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statistics_w  Match Editorial
SRM 138
Tuesday, March 10, 2003

The Problems

Div 1 had a rather rough set tonight, as only 1 person (SnapDragon) was able to solve all three problems successfully. However, SnapDragon was rather slow on the hard problem, and despite being the only one to solve all three problems, he came in third. It was lars, with the highest score on the hard, who took first place, pushing him up 184 rating points. WishingBone was a close second, and moved up 93 points. Div 2 had a rather easy set, and first timer TekGoNos won by a large margain.

NewPhone  discuss it
Used as: Division 2 - Level 1:
Value 250
Submission Rate 163 / 196 (83.16%)
Success Rate 112 / 163 (68.71%)
High Score maximuscranius for 245.17 points

The most obvious way to do this is with a stable sort. A stable sort is one that preserves the order of elements with equal value. In this problem, you want to stable sort phone numbers so that those which are called more often come first. Then, you can just pick the first spaces numbers in your sorted array. Another way to do this, which is perhaps simpler, is to loop backwards through all possible frequencies (the max is 1000), and add the numbers to an array as they are found.

   String ret[] = new String[spaces];
   int ptr = 0;
   for(int i = 1000; i>=0; i--) for(int j = 0; j<freq.length && ptr!=spaces; j++)
      if(freq[j]==i)ret[ptr++] = n[j];
   return ret;
RunLengthEncode  discuss it
Used as: Division 2 - Level 2:
Value 500
Submission Rate 135 / 196 (68.88%)
Success Rate 89 / 135 (65.71%)
High Score Spike for 478.75 points
Used as: Division 1 - Level 1:
Value 200
Submission Rate 137 / 138 (99.28%)
Success Rate 127 / 137 (92.70%)
High Score Oblok for 198.08 points

Most people had little trouble with this, and getting it correct was not algorithmically difficult. Basically just check each character, and see if it is the start of a run of length greater than 4. If it is, delete the run, and replace it with a slash and the number of characters in the run. You could also do it by building a wholly new string out of the old one.

   StringBuffer r = new StringBuffer(50);
   for(int i = 0; i<input.length(); i++){
      int j = i;
      while(++j<input.length() && input.charAt(j)==input.charAt(i));
         r.append(new DecimalFormat("00").format(j-i));
         i = j-1;
      }else r.append(input.charAt(i));
   return r.toString();
GiftWrap  discuss it
Used as: Division 2 - Level 3:
Value 1000
Submission Rate 58 / 196 (29.59%)
Success Rate 25 / 58 (43.10%)
High Score TekGoNos for 774.59 points

Probably one of the easier div 2 hard problems. There are three different ways that the package can be wrapped, corresponding to the three different dimensions of the box. We can use each of the three dimensions as the dimension along which the seam runs after the paper is first wrapped around (the seam in step 3 of the diagram). Thus, if the seam runs down dimension 1, then one of the dimensions of the paper must be 1 + 2 * (dimension 2 + dimension 3) - enough to wrap around, and overlap by 1. Note that we add one for the overlap, not two, because if the paper were just touching, we would only have to add 1 to one side of the paper to make it overlap by 1. So, then we must see how long the paper must be to fold down on the ends. Looking at the diagram provided, it should be clear that the overlap should occur along the longer dimension of the end that is folded over, across the shorter dimension. So, then if the first seam was along dimension 1, the other two seams would cause the other dimension of the paper to be:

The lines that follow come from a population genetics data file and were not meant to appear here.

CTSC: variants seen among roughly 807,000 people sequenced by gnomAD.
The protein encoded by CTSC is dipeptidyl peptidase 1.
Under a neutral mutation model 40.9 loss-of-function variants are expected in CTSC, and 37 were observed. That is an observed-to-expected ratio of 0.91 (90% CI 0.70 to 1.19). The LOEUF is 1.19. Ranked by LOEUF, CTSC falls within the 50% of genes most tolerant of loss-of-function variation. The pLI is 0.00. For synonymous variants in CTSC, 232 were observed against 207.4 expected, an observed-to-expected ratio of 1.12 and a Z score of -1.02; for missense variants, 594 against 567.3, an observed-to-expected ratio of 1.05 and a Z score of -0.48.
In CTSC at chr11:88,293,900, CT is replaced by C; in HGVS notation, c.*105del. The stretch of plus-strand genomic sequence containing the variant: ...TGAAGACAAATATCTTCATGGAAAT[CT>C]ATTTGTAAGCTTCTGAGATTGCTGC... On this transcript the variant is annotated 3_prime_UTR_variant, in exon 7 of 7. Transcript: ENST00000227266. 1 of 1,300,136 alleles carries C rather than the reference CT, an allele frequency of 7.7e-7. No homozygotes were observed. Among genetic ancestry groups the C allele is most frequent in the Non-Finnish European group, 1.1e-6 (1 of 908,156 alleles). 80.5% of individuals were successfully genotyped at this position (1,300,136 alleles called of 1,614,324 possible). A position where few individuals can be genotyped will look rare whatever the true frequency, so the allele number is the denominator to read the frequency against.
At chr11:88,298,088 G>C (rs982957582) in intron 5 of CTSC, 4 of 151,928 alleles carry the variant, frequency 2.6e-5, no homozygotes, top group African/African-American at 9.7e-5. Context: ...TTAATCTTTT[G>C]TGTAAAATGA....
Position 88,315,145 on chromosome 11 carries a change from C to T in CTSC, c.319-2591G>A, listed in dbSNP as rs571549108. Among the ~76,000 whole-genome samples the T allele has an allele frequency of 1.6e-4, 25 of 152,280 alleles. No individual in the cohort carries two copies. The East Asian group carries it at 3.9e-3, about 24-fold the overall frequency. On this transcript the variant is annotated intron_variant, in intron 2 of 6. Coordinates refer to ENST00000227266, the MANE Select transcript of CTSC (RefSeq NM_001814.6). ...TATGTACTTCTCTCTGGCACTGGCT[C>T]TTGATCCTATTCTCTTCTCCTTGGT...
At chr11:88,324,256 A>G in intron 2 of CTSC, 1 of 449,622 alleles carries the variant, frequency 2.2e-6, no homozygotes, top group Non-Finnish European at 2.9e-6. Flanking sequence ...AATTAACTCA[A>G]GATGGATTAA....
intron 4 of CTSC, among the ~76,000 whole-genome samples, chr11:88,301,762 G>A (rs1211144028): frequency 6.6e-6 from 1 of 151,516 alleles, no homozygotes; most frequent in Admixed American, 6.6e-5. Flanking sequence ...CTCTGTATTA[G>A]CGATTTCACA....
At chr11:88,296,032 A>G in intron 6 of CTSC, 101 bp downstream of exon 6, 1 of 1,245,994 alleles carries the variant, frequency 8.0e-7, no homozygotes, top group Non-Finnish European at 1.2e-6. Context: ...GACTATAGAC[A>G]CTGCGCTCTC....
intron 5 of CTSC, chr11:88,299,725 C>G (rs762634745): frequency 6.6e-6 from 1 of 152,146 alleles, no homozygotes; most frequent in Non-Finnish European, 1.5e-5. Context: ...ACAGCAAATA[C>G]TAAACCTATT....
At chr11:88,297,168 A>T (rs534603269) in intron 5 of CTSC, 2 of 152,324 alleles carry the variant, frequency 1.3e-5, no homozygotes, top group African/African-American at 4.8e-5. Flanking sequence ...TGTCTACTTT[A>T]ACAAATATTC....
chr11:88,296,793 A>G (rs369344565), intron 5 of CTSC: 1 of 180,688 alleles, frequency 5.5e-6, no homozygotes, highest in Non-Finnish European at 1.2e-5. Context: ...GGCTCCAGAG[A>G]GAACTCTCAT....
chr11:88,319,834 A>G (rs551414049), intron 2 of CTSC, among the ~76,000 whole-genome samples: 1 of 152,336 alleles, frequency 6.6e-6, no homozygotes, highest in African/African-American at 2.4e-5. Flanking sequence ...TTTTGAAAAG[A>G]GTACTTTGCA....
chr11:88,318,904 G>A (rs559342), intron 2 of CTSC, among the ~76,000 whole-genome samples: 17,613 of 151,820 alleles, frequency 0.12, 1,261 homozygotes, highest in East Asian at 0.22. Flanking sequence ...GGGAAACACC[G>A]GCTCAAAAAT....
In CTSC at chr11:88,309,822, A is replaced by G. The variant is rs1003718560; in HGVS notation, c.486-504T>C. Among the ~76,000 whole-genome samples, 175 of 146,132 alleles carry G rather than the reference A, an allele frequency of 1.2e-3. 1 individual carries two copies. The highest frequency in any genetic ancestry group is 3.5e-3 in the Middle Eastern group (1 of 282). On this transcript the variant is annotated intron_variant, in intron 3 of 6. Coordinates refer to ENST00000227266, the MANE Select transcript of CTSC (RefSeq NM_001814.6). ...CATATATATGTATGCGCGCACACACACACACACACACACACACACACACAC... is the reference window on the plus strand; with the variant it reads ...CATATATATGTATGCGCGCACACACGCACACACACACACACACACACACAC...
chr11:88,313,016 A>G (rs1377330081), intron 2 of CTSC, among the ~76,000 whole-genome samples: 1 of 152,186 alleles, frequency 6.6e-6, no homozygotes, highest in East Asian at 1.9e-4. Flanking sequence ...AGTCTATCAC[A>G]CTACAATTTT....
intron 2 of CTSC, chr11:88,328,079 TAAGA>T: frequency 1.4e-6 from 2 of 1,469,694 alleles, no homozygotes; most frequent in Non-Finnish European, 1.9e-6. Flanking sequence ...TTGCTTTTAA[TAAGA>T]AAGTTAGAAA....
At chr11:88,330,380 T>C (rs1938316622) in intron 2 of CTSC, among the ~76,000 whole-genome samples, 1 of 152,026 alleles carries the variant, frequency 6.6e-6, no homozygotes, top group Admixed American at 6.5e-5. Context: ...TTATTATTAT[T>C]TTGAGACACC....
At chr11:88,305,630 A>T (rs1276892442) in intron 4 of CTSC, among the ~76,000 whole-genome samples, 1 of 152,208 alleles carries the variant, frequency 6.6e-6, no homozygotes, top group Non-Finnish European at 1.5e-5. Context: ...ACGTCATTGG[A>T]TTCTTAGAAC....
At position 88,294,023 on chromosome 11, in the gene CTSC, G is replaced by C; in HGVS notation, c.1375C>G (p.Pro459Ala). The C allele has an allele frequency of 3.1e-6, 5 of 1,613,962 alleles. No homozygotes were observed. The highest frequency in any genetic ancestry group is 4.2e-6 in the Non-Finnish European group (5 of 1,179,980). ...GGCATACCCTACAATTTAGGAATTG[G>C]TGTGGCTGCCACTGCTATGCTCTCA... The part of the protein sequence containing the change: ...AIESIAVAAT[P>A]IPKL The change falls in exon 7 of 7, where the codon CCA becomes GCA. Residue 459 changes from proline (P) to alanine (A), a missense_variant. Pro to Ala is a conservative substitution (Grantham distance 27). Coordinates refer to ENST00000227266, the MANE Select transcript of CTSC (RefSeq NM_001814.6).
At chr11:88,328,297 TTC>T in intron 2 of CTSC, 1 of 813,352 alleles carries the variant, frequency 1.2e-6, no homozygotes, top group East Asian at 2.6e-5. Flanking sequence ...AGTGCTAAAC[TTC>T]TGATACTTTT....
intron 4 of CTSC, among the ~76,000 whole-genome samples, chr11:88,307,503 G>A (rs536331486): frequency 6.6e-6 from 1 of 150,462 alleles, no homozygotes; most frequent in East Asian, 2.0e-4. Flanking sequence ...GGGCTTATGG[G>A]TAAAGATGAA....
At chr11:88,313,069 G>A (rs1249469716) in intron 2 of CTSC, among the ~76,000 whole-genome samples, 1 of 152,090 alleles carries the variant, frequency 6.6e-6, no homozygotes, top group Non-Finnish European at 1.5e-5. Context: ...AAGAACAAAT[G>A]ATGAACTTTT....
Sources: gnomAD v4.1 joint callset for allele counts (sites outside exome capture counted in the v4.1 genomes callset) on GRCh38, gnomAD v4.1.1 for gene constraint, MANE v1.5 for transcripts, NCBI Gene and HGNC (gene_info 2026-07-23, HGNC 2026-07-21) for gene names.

dimension 1 + 2 * (1/2 + min(dimension 2, dimension 3)/2) = 1 + min(dimension 2, dimension 3).

So, if the first seam runs along dimension 1, then the paper's dimensions are:
1 + 2 * (dimension 2 + dimension 3) by 1 + dimension 1 + min(dimension 2, dimension 3).

Once you have this, you simply need to check that it is smaller than the paper given, and then follow the tiebreaker rules.

LongLine  discuss it
Used as: Division 1 - Level 2:
Value 450
Submission Rate 54 / 138 (39.13%)
Success Rate 3 / 54 (5.56%)
High Score Jumping John for 250.63 points

This was probably the hardest "450" ever. Only three people were able to solve it successfully, perhaps due in part to a slightly misleading problem statement, but much more probably due to the algorithmic difficulty of the problem. In response to the requests made in the round tables, here is a hint: try to think about which points the line hits, both of whose coordinates are integers.

Now, for the spoiler. The key to this problem is GCD. The first thing that we should do is divide dx and dy by gcd( dx, dy). This guarantees that if we successively increment x and y by dx and dy, we will hit every point that the line segments hit. As we increment, we have to wrap around, and count how many times we wrap around. Each time we wrap around, we will form a new line segment. When we get back to the point where we started (this is guaranteed to happen eventually), we are done.

The two things to watch for are cases when we hit the corners, and the case when dx or dy is negative. The easiest way to handle the negative case, in my opinion, is to simply flip things around so that nothing is negative. The corner case can be handled by decrementing the return value by one when we get to a corner, which will never happen more than once. But, this causes trouble for the case where dx or dy is 0, so we just handle that separately.

In the end, the solution seems surprisingly simple, which is what led to the misleading points assignment. The most common mistake seems to be the mishandling of the case where one or both of the directions is negative. People also had trouble when the line ran along an edge. There were also some solutions which timed out because they did not use division and modulus, but used addition and subtraction to accomplish the same thing. Here is something similar to the way most people did it:

   int w = in[0], h = in[1], sx = in[2], sy = in[3], dx = in[4], dy = in[5];
   if(dx==0||dy==0)return 1;